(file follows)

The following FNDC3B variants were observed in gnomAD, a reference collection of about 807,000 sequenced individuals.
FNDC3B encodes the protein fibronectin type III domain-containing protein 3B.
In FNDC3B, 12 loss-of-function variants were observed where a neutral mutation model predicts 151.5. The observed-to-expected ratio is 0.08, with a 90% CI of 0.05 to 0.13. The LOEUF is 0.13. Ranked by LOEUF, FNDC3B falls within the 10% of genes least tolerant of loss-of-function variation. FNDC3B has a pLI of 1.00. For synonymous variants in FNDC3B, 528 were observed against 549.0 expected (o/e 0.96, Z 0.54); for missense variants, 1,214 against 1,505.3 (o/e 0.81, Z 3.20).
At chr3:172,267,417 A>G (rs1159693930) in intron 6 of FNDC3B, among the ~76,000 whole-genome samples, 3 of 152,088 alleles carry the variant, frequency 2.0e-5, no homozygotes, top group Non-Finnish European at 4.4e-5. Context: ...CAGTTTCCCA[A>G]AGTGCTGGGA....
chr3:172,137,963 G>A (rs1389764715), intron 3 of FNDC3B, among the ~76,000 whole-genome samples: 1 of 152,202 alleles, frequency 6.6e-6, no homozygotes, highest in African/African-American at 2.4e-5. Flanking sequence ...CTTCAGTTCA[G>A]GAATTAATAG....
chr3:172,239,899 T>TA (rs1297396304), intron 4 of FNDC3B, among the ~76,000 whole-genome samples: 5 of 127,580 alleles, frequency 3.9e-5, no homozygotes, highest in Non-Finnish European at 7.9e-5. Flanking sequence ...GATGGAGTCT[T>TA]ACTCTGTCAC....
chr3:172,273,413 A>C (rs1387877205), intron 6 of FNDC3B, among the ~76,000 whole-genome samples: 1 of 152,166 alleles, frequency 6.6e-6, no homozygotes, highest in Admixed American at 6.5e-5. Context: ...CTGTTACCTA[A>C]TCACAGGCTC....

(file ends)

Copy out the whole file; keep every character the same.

The following FNDC3B variants were observed in gnomAD, a reference collection of about 807,000 sequenced individuals.
FNDC3B encodes the protein fibronectin type III domain-containing protein 3B.
In FNDC3B, 12 loss-of-function variants were observed where a neutral mutation model predicts 151.5. The observed-to-expected ratio is 0.08, with a 90% CI of 0.05 to 0.13. The LOEUF is 0.13. Ranked by LOEUF, FNDC3B falls within the 10% of genes least tolerant of loss-of-function variation. FNDC3B has a pLI of 1.00. For synonymous variants in FNDC3B, 528 were observed against 549.0 expected (o/e 0.96, Z 0.54); for missense variants, 1,214 against 1,505.3 (o/e 0.81, Z 3.20).
At chr3:172,267,417 A>G (rs1159693930) in intron 6 of FNDC3B, among the ~76,000 whole-genome samples, 3 of 152,088 alleles carry the variant, frequency 2.0e-5, no homozygotes, top group Non-Finnish European at 4.4e-5. Context: ...CAGTTTCCCA[A>G]AGTGCTGGGA....
chr3:172,137,963 G>A (rs1389764715), intron 3 of FNDC3B, among the ~76,000 whole-genome samples: 1 of 152,202 alleles, frequency 6.6e-6, no homozygotes, highest in African/African-American at 2.4e-5. Flanking sequence ...CTTCAGTTCA[G>A]GAATTAATAG....
chr3:172,239,899 T>TA (rs1297396304), intron 4 of FNDC3B, among the ~76,000 whole-genome samples: 5 of 127,580 alleles, frequency 3.9e-5, no homozygotes, highest in Non-Finnish European at 7.9e-5. Flanking sequence ...GATGGAGTCT[T>TA]ACTCTGTCAC....
chr3:172,273,413 A>C (rs1387877205), intron 6 of FNDC3B, among the ~76,000 whole-genome samples: 1 of 152,166 alleles, frequency 6.6e-6, no homozygotes, highest in Admixed American at 6.5e-5. Context: ...CTGTTACCTA[A>C]TCACAGGCTC....